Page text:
Year : 2017 | Volume
: 61 | Issue : 5 | Page : 60--62
Opening gambit: Strategic options to initiate the tobacco endgame
Pranay Lal1, Rana J Singh2, Ashish Kumar Pandey1,
1 Senior Technical Advisor, The Union South-East Asia (The Union), International Union against Tuberculosis and Lung Disease (The Union), New Delhi, India
2 Deputy Regional Director, The Union South-East Asia (The Union) International Union against Tuberculosis and Lung Disease, New Delhi, India
The Union South-East Asia (The Union), International Union against Tuberculosis and Lung Disease (The Union), C-6, Qutub Institutional Area, New Delhi - 110 016
Endgame strategies to rapidly hasten the decline of tobacco are already well within reach; a few plausible policy options are outlined herein for policy practitioners, tobacco control advocates, and public health specialists. The implementation of these measures which already exist within the gamut of existing legislation requires the galvanization of political will. The options we essay include liquidating existing public investments in tobacco, holding tobacco companies accountable within the jurisdictions of their operations, fixing liability for injury and the imposition of realistic costs on insurance providers.
|How to cite this article:|
Lal P, Singh RJ, Pandey AK. Opening gambit: Strategic options to initiate the tobacco endgame.Indian J Public Health 2017;61:60-62
|How to cite this URL:|
Lal P, Singh RJ, Pandey AK. Opening gambit: Strategic options to initiate the tobacco endgame. Indian J Public Health [serial online] 2017 [cited 2021 Apr 22 ];61:60-62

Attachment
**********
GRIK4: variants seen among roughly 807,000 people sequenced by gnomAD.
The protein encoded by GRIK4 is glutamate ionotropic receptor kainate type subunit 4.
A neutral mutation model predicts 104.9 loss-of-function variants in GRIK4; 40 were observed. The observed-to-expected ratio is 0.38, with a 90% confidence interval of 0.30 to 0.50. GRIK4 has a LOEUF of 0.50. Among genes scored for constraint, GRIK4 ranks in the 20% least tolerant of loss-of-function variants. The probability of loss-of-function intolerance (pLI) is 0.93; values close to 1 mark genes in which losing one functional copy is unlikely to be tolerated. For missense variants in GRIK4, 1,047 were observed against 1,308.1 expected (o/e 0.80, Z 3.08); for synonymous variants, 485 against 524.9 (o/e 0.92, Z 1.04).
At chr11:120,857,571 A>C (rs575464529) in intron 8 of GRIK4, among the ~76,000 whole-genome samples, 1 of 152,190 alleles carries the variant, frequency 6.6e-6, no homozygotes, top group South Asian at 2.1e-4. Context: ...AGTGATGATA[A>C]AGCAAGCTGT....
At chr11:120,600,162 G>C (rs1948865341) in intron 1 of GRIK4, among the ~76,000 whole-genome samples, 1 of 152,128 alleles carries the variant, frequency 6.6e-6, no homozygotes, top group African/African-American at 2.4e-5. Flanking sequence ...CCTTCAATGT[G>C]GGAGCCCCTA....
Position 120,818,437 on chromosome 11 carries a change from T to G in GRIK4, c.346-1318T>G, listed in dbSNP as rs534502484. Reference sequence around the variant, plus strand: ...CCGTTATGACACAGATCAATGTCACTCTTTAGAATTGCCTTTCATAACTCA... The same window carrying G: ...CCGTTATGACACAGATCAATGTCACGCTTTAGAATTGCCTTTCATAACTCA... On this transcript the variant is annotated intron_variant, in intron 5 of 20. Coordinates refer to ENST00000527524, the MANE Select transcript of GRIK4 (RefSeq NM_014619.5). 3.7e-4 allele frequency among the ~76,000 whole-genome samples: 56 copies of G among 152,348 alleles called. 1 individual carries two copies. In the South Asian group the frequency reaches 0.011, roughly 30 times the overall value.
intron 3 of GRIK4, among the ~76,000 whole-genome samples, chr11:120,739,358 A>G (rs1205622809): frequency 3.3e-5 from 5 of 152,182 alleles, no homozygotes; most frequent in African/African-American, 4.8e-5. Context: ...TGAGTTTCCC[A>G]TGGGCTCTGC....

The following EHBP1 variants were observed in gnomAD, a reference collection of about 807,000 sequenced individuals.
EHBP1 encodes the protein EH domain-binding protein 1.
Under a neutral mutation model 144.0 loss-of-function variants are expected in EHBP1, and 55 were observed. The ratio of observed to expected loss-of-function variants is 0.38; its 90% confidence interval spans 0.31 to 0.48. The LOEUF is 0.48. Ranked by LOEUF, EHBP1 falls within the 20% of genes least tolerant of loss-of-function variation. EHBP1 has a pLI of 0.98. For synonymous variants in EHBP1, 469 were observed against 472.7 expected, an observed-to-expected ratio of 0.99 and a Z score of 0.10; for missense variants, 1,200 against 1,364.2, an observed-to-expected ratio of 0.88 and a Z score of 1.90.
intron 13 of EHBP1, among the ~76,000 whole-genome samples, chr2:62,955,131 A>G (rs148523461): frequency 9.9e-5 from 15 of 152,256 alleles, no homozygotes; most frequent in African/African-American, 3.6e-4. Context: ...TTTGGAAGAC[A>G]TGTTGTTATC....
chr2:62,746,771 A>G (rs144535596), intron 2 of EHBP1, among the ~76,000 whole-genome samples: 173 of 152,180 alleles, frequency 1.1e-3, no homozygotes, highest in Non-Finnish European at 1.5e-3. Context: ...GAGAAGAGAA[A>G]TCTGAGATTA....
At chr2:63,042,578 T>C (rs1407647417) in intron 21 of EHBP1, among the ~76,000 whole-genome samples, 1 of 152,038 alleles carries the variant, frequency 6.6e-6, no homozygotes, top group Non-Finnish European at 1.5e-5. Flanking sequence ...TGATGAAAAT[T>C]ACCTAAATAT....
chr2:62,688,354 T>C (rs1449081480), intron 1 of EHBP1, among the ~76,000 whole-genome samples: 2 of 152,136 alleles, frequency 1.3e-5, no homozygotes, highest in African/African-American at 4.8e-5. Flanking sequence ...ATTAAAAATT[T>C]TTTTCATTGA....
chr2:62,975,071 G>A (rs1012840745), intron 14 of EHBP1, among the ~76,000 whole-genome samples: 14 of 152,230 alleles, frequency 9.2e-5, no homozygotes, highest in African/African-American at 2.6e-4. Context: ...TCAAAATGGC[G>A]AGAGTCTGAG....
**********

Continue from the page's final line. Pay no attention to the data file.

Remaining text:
Available from: https://www.ijph.in/text.asp?2017/61/5/60/214900
In chess and other tactical games, a gambit (from early Italian gambetto, meaning “to trip”) is the opening move in which a player uses strategies to gain an advantageous position. The efforts of tobacco control advocates and the tobacco industry is an evolving game of strategies with each trying to outwit the other. The price paid of course is very real and is in terms of lives lost prematurely, several generations wasted, and hidden economic costs that are borne by governments, tax payers, and the public at large. With each new initiation into tobacco use and a build-up of lifetime addicts of tobacco contribute to tobacco industry's ever increasing profits. Governments too perversely benefits from the tax they exact from the tobacco industry and tobacco users. Several countries with progressive tobacco control programs have offered insight on how a package of policies on tobacco control can work. To this end, six evidence-based policies were put together and launched in New York City by the WHO on February 7, 2008, and called MPOWER, which has since become an internationally-applicable and recognized package of essential tools for tobacco control. Tobacco industry in the meanwhile has continued its nefarious games to perfidiously sell its noxious products to underage and vulnerable populations and has launched a series of new products to entice users.
Since 2010, several countries with mature tobacco control programs have proposed an “endgame” for tobacco use. These comprise several alternative futures. Countries that have proposed endgame strategies include New Zealand, Singapore, Australia, Norway, and Finland, some states within countries like Tasmania in Australia. Certain preconditions are needed for a serious consideration of endgame policy proposals. Typically, endgames are plausible for countries where existing prevalence has historically been low or where there has been a sharp decline in tobacco use in recent years, and where there is public support and demonstrated political commitment to reduce tobacco use. A range of options has been suggested, from eliminating tobacco production and distribution by finding alternative crops to tobacco and supporting alternative livelihoods for those employed in the tobacco sector.